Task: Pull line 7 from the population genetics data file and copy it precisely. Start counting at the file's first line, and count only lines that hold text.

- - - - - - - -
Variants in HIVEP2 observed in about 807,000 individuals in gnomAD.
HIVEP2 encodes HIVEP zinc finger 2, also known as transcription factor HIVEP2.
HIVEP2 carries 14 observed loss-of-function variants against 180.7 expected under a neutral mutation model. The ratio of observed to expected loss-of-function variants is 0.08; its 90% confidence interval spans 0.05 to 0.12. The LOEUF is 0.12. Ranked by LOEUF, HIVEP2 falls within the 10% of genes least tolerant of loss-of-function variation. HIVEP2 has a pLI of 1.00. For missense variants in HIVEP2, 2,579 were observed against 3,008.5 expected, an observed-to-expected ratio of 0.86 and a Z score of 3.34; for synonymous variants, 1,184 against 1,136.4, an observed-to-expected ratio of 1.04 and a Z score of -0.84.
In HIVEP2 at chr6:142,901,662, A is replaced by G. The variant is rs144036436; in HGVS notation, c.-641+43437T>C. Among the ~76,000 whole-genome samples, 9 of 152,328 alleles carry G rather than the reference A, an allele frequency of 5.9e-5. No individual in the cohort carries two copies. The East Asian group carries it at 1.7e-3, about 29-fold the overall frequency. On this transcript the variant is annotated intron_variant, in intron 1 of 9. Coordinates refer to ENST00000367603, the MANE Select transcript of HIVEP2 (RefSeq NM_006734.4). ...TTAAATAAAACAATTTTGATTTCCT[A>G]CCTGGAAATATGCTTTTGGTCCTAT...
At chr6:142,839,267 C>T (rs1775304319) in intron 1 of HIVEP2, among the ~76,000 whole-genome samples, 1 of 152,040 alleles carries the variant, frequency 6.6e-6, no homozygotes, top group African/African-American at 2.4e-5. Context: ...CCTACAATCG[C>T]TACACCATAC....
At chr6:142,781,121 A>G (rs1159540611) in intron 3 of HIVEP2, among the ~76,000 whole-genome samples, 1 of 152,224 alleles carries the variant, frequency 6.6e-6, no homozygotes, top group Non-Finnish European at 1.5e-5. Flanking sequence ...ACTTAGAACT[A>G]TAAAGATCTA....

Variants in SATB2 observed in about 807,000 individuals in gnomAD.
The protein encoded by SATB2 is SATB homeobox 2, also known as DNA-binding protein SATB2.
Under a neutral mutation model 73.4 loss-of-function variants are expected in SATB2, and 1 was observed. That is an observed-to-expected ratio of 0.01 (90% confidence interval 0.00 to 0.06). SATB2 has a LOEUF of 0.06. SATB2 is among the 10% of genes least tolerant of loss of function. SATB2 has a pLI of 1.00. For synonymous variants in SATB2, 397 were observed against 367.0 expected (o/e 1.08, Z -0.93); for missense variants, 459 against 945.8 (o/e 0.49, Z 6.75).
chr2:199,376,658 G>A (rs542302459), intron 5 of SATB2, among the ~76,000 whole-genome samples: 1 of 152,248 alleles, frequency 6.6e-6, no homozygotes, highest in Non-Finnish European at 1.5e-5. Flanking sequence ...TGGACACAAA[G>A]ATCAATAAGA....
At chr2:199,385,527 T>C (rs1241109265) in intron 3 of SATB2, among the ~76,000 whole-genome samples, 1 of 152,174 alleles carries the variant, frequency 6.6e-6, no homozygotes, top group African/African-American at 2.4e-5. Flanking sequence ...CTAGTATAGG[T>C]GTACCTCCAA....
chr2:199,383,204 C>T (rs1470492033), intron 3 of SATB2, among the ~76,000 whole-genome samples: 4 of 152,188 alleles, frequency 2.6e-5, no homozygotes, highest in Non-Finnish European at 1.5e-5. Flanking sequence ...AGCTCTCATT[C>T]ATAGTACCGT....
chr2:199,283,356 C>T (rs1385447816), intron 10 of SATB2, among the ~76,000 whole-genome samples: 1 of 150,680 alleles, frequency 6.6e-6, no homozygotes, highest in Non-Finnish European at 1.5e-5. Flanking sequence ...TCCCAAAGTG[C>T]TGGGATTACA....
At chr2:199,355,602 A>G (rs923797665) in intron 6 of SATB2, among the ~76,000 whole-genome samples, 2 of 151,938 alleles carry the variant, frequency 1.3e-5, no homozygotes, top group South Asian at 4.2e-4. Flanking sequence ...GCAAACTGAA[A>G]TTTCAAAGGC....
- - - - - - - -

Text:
Variants in SATB2 observed in about 807,000 individuals in gnomAD.